LONDON (AFP) - Andy Murray insists he won't rest on his laurels after becoming world number one as the Scot looks to crown the best year of his life by cementing his place on top of the world rankings.
Murray ended Novak Djokovic's reign as the world's top ranked player last weekend, but he must match or better the Serb's performance at the ATP Tour Finals to finish the year in pole position.
The 29-year-old has enjoyed an incredible 11 months in which he has won Wimbledon for the second time, claimed a second Olympic singles gold medal and become the first British man to be number one since the inception of the ATP rankings.
Perhaps most significantly, he also became a father in February when his wife Kim gave birth to their daughter Sophia.
After winning the Paris Masters last weekend, Murray's golden year can reach a fitting climax at London's O2 Arena next week if he keeps defending Tour Finals champion Djokovic from regaining top spot.
And the Scot is adamant nothing has changed in his mentality now he is the number one, especially with his notoriously demanding coach Ivan Lendl reunited with him this week.
"Ivan congratulated me on getting to number one on the phone, but then he started talking about what we were going to do to prepare for this event," Murray told reporters in London on Friday (Nov 11).
"When we got here it was back to work on the things we are trying to improve. I like that. It's good.
"I don't want to spend time discussing what's happened in the last few months. I want to keep getting better.
"That's what I've always tried to do. I don't feel any different."
After spending so long in the shadow of Djokovic, Roger Federer and Rafael Nadal, Murray could have been forgiven for using his rise to number one to herald his right to be regarded as the equal of those legends.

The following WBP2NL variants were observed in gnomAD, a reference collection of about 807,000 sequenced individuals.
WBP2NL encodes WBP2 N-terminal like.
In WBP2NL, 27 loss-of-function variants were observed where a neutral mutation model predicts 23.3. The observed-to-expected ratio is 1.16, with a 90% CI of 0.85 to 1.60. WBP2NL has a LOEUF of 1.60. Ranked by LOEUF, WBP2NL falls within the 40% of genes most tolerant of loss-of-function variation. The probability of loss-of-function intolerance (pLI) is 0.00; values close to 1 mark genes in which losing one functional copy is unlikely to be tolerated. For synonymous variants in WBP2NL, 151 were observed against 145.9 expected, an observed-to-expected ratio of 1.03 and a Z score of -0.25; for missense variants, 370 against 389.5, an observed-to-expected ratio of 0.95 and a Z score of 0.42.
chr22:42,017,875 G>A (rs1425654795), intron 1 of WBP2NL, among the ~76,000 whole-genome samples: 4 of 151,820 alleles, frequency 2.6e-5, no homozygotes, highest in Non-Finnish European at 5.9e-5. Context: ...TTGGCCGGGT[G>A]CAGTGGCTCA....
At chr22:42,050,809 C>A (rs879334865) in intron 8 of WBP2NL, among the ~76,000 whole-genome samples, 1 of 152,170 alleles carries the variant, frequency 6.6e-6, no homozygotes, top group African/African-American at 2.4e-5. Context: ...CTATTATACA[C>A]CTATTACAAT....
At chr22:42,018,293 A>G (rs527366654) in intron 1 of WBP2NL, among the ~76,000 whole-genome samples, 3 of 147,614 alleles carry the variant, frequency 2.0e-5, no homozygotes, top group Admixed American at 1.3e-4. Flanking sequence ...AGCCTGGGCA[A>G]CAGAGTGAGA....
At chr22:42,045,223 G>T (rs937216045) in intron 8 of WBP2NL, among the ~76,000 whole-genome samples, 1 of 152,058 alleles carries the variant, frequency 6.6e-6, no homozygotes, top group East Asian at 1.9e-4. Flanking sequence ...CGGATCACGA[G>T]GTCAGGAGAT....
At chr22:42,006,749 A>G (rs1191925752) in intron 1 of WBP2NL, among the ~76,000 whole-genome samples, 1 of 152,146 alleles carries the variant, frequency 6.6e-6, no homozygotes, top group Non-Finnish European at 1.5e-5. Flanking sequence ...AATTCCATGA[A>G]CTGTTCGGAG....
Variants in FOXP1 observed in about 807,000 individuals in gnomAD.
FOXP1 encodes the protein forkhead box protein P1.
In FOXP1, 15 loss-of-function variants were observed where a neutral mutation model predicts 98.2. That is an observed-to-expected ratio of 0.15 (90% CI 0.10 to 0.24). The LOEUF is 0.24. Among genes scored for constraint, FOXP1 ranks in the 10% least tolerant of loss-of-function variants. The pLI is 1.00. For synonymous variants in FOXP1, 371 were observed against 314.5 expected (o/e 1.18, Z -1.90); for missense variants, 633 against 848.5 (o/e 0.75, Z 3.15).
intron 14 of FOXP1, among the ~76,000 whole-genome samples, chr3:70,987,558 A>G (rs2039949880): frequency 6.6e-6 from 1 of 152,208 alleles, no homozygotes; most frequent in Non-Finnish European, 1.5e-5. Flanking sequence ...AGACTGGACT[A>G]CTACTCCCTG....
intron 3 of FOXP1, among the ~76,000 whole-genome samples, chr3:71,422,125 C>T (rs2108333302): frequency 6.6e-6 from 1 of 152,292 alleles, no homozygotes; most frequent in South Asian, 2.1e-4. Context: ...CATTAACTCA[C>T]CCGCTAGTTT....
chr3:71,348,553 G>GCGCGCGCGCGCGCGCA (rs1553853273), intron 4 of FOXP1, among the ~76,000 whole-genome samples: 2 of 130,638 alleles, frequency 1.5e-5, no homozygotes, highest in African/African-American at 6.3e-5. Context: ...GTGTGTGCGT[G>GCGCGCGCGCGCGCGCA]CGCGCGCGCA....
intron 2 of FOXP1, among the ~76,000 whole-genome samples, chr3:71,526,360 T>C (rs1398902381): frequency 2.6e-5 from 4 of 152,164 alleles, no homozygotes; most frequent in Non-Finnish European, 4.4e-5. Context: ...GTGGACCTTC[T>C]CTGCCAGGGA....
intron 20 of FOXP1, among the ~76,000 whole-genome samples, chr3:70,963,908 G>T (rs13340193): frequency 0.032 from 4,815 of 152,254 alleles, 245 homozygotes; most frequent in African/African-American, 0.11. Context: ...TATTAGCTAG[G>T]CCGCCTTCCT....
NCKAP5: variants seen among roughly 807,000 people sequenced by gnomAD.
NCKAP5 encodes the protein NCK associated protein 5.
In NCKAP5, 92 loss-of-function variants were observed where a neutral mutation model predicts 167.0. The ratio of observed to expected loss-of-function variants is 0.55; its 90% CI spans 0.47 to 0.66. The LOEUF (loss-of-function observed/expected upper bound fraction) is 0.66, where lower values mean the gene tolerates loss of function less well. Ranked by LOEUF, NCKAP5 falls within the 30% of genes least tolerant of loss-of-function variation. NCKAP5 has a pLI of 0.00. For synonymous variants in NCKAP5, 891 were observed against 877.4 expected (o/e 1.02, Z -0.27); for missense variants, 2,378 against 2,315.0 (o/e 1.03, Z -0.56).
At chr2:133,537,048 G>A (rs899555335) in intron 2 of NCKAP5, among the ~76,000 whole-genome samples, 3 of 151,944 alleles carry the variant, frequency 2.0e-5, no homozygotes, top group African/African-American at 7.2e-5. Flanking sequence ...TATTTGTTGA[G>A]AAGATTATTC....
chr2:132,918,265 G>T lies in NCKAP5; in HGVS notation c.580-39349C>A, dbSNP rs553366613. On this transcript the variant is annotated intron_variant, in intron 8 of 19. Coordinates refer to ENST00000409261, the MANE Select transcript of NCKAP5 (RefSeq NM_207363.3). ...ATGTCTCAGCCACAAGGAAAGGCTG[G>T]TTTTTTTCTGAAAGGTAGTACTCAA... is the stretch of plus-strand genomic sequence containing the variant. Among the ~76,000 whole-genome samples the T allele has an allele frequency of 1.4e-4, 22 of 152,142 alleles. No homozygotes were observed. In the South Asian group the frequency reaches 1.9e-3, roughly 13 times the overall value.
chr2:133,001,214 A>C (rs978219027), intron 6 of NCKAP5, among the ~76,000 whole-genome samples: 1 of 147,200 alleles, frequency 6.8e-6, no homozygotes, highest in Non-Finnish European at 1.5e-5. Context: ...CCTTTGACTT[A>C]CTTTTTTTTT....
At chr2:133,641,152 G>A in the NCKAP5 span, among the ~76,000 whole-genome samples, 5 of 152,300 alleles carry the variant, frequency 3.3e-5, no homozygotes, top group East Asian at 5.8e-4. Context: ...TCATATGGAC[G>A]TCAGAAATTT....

But the Scot, who has losing career head-to-head records against all three of his main rivals, said he felt no different when his ascent was officially confirmed.
"It feels good obviously but I didn't feel much different when I woke up on Monday morning," Murray said.
"This year is the best I've had on court, the last few months have been the best in terms of my consistency.
"Away from the court it's been by far the best in my life, a big change and a great change. I've really enjoyed being a parent.
"When I step on the court I will have a little more confidence and feel better about myself." Murray has never played his best tennis in the Tour Finals, making the semi-finals only three times in his seven appearances and never advancing to the final, but he hopes to make a bigger impact after changing his pre-tournament routine.
"There were a couple of years I wish I could have done a bit better. I'm staying at home for the first time this year, I've always stayed in a hotel before," Murray said.
"The court is bit faster as well. That's a positive thing." While Murray has enjoyed a superb surge since the spring, Djokovic has experienced a rare slump.
But Murray still expects Djokovic to push hard to return to number one because the Serb has been unbeatable at the Tour Finals over the last four years.
"I've said I expect Novak to start playing his best tennis again," Murray said.
"The last couple of months he hasn't done that, but before that we had seen years of his best tennis.
"There's not too much to worry about for him. He's played extremely well here the last few years and I'd imagine he will have a really good tournament."